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Why has the Eagle become the Roman Symbol?

The eagle, known as 'Aquila' in Latin, stands as one of the most iconic and long-lasting emblems of Rome's heritage.

Why has the Eagle become the Roman Symbol?
A Roman flag in vibrant red with a golden eagle embroidered at its center. Illustration: DALL-E

The Origins of an Icon

The eagle, known as 'aquila' in Latin, stands as one of the most iconic and long-lasting emblems of Rome's heritage. Throughout the eras of both the Republic and the Empire, while various animals and legendary figures held significant symbolism, it was the eagle that consistently represented dominion and might.

The use of the eagle as a symbol of state power was not initiated by the Romans. However, they adopted it with such fervor and reverence that it became synonymous with their empire's enduring strength. The Aquila, which signified courage and immortality, was more than just a bird; it was a divine signal of Rome's indomitable spirit.

Gaius Marius and the Aquila

The Roman Empire’s standard, the Aquila or eagle, emerged from a selection of animals used as military emblems, as noted by Pliny the Elder. Originally, symbols like the wolf, boar, minotaur, and horse, along with the eagle, represented Rome's might. However, during Gaius Marius' second term as consul, back to 102 BC, it was decided the eagle would singularly symbolize Rome, a shift from the Republic's diverse standards to the Empire's unified representation.

Apoteosis de Claudio. Eagle and weapons from an Augustan-era funerary monument, probably that of Messalla (Prado, Madrid). From the Spanish Royal Collection. Via museodelprado.CC BY-SA 3.0 DEED

By elevating the Aquila above all other military ensigns, Marius not only streamlined legionary symbolism but also instilled a unifying emblematic identity across the Roman military.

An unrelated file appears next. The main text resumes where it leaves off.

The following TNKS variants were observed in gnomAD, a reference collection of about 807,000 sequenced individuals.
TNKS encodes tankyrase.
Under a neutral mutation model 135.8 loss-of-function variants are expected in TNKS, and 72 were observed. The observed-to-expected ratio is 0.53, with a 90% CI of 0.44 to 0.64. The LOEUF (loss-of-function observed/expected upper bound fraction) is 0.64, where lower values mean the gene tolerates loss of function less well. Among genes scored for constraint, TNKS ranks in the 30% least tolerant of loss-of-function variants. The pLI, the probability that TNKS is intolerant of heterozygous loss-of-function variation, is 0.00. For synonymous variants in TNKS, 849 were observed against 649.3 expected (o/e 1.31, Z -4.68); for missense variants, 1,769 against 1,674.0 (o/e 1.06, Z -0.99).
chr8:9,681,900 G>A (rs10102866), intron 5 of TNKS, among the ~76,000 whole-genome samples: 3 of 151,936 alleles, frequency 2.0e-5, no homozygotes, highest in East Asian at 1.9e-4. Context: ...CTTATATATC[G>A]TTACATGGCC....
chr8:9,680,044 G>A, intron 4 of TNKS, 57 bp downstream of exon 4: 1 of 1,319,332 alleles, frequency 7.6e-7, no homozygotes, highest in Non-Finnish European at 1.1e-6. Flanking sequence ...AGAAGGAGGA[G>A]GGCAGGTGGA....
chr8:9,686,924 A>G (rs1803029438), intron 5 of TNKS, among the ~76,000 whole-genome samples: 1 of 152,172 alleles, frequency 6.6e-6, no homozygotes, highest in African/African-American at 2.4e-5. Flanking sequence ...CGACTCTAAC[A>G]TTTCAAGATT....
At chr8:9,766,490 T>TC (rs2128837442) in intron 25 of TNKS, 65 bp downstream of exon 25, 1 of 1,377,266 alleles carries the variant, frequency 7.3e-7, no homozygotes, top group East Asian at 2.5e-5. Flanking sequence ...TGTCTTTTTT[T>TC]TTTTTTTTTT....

Pliny the Elder writes:

“Caius Marius, in his second consulship, assigned the eagle exclusively to the Roman legions. Before that period it had only held the first rank, there being four others as well, the wolf, the minotaur, the horse, and the wild boar, each of which preceded a single division.”

The eagle, a potent avian predator and apex within its ecological niche, was chosen for its connotations of supremacy, valor, and indomitability — qualities Rome aspired to embody. Of course we cannot forget that the eagle was also the symbol of Jupiter, which gives a religious aspect to the choice.

Legionnaires held their standards in high regard, with the role of the aquilifer, or eagle-bearer, established to honorably carry and zealously guard the emblem. The loss of an aquila was considered a critical blow to a legion's morale, symbolizing the loss of its essence, often prompting desperate efforts to reclaim it, reflecting the emblem’s profound significance in Roman military tradition.

Roman culture and the Eagle

Eagles were deeply ingrained in the fabric of Roman culture from the very beginning. According to Rome's legendary origins, the decision between Romulus and Remus on the city's location was to be divinely determined by an eagle sighting. While Remus first saw six, Romulus claimed to have seen twelve, leading to a conflict that tragically ended with Romulus founding Rome on the Palatine Hill after the death of his brother.

Group of eleven Roman imperial standards, from Preble, George Henry (1880)
Group of eleven Roman imperial standards, from Preble, George Henry (1880). Public domain

Romans held the eagle in high esteem, connecting it with Jupiter, the king of gods, symbolizing authority and power. Transitioning from the Republic to the Empire, the eagle's image was revered as a beacon of might and honor. It wasn't uncommon to find eagle statues in tombs as they represented a powerful funerary motif. The Romans believed that the eagle's flight from an emperor's funeral pyre signified the soul's ascent to divine status.